Another common werewolf move is to take advantage of strong norms like epistemic honesty, and use them to drive wedges in a community or push their agenda, while knowing they can't be called out because doing so would be akin to attacking the community's norms.

I've seen the meme elsewhere in the rationality community that strong and rigid epistemic norms are a good sociopath repellent, and it's ALMOST right. The truth is that competent sociopaths (in the Venkat Rao sense) are actually great at using rigid norms for their own ends, and are great at using the truth for their own ends as well. The reason it might work well in the rationality community (besides the obvious fact that sociopaths are even better at using lies to their own ends than the truth) is that strong epistemics are very close to what we're actually fighting for - and remembering and always orienting towards the mission is ACTUALLY an effective first line defense against sociopaths (necessary but not sufficient IMO).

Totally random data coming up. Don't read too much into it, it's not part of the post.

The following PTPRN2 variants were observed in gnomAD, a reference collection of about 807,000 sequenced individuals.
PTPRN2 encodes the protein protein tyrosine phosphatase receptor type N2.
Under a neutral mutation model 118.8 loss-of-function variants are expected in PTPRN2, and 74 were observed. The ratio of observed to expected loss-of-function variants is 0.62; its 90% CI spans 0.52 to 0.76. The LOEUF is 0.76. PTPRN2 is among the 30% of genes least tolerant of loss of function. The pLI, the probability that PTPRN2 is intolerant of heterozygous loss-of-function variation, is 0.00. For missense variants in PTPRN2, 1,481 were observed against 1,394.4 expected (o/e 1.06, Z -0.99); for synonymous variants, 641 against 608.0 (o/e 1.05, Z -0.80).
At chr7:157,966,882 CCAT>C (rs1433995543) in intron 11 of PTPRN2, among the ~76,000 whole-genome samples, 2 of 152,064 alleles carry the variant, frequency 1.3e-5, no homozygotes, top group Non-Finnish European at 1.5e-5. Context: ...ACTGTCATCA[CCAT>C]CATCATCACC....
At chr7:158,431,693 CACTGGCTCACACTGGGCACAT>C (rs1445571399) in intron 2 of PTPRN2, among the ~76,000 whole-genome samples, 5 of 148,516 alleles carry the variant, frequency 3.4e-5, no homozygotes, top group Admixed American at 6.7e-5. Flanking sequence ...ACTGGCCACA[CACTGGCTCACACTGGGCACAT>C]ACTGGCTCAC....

99 times out of a 100, the correct way to remember what we're fighting for is to push for stronger epistemics above other considerations. I knew that when I made the original post, and I made it knowing I would get pushback for attacking a core value of the community.

However, 1 time out of 100 the correct way to remember what you're fighting for is to realize that you have to sacrifice a sacred value for the greater good. And when you see someone explicitly pushing the gray area by trying to get you to accept harmful situations by appealing to that sacred value, it's important to make clear (mostly to other people in the community) that sacrificing that value is an option.

Comment section from 05/19/2019

by habryka 1 min read20th May 2019139 comments


I moved the big meta-level comment thread from "Yes Requires the Possibility of No" over to here, since it seemed mostly unrelated to that top-level post. This not being on frontpage also makes it easier for people to just directly discuss the moderation and meta-level norms.